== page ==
Wondering “Am I addicted to Facebook?” You could be, according to Norwegian researcher, Cecilie Schou Andreasson, who claims Facebook Addiction is a real threat.
Suffice it to say, addictions are rough! People can become addicted to many things: food, video games, the Internet, sex, and drugs, to name a few. Some people are considered to have a clinical iPhone addiction and – believe it or not –there are even people who are addicted to love!
Norwegian researcher, Cecilie Schou Andreasson claims that there is a new type of addiction, a social networking addiction of sorts, also known as “Facebook Addiction.”
Andreasson claims that those who suffer from Facebook Addiction feel extreme anxiety when in withdrawal, which can lead to mood swings. For the most part, these addicts are people who can’t live a day without checking their personal Facebook account (in fact, some can’t make it half a day without wanting to know ‘what’s happening’ in their Facebook timeline).
Andreasson reasons that though Facebook is not a drug, the factors that make for an addiction are present. For instance, Facebook addicts think that their Facebook account is the most important thing in their lives. Second, they feel ‘high’ when they are ‘using’ Facebook. Third, they get hooked and can’t begin to cope without Facebook. Fourth, they feel anxiety and discomfort when they are unable to check their Facebook. And fifth, their life is engulfed by Facebook related activities (constantly updating status or uploading photos) and they can no longer feel joy or happiness while doing other things.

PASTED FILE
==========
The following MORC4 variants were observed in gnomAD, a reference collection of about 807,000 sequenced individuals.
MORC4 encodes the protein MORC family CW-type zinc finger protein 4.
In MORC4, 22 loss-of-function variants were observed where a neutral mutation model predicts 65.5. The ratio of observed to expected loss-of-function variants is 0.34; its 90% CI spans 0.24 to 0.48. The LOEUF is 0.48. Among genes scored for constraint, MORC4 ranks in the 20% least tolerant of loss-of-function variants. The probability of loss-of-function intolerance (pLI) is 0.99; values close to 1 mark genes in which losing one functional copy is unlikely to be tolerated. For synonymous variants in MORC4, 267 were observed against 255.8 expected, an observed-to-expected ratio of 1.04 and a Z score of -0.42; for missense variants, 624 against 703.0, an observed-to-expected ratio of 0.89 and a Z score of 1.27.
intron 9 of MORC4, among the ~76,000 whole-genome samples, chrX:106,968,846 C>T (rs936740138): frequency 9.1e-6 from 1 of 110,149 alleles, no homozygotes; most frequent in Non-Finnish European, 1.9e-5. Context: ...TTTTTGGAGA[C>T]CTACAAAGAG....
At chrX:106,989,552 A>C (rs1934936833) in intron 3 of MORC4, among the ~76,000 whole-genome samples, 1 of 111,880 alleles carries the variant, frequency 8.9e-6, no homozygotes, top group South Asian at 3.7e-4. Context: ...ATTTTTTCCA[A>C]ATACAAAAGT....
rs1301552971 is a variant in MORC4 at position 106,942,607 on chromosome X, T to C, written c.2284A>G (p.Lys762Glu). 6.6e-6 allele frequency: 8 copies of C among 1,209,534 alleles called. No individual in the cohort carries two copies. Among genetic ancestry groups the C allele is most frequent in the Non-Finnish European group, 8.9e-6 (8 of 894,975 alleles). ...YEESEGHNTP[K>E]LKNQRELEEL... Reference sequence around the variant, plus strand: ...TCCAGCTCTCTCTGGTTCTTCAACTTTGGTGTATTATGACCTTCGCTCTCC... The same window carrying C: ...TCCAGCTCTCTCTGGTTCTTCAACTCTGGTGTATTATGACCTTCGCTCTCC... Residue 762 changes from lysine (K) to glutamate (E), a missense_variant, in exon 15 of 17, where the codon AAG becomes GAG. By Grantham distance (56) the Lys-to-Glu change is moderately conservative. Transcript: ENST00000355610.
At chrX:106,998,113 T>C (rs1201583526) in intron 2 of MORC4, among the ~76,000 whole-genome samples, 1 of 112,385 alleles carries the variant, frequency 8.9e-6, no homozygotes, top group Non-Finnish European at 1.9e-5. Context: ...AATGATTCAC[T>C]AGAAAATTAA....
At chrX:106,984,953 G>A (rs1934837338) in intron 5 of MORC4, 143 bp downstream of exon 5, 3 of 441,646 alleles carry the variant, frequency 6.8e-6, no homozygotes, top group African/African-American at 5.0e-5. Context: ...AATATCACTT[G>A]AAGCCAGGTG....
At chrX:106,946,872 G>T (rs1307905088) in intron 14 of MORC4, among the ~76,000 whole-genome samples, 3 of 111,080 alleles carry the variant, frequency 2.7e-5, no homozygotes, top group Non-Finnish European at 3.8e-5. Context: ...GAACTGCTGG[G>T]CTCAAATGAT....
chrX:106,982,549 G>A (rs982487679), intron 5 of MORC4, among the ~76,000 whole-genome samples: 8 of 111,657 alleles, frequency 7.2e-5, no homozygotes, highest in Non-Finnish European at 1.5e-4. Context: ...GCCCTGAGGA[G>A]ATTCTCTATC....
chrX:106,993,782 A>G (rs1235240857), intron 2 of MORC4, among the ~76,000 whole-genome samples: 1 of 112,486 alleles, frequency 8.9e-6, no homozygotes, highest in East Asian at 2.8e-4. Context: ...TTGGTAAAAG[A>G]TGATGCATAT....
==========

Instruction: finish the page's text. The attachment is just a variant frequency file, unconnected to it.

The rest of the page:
Andreasson has published her Facebook Addiction theory in Psychological Reports. Eighteen questions were posed to alleged Facebook addicts, however, most of the subject only replied to the first six questions, making other psychologists question the complete validity of her theory.
British psychologist Mark Griffiths dismisses the idea of a Facebook or social network addiction. He reasons that the facts do not add up and that “Facebook Addition,” per se, may not be an addiction because there are other things on Facebook that become involved with while logged on. There is gaming, chatting and using the Facebook camera to name a few. He also cited that there are other services that Facebook does for its user. People can be writing notes on Facebook, for instance, or playing a word game. The analogy he cited is this: people who are alcoholics are not always people who are addicted to bars. He also pointed out that Facebook is different from other social networks, so to call it a Facebook Addiction is unacceptable.
Fox News, however, has reported theories similar to Andreasson. Within their report, they found that people do suffer from Facebook and Twitter addictions, adding that women and kids were more “at risk.”
If this is true, how do people who are Facebook addicts manage their addiction? I guess first, you must admit you have a problem. Next, give yourself a limited number of hours, let’s say an hour a day for Facebook or Twitter. Lastly, you may seek help at FacebookAddiction.com. Do you wonder “Am I addicted to Facebook?” Take a Facebook Addiction quiz to find out.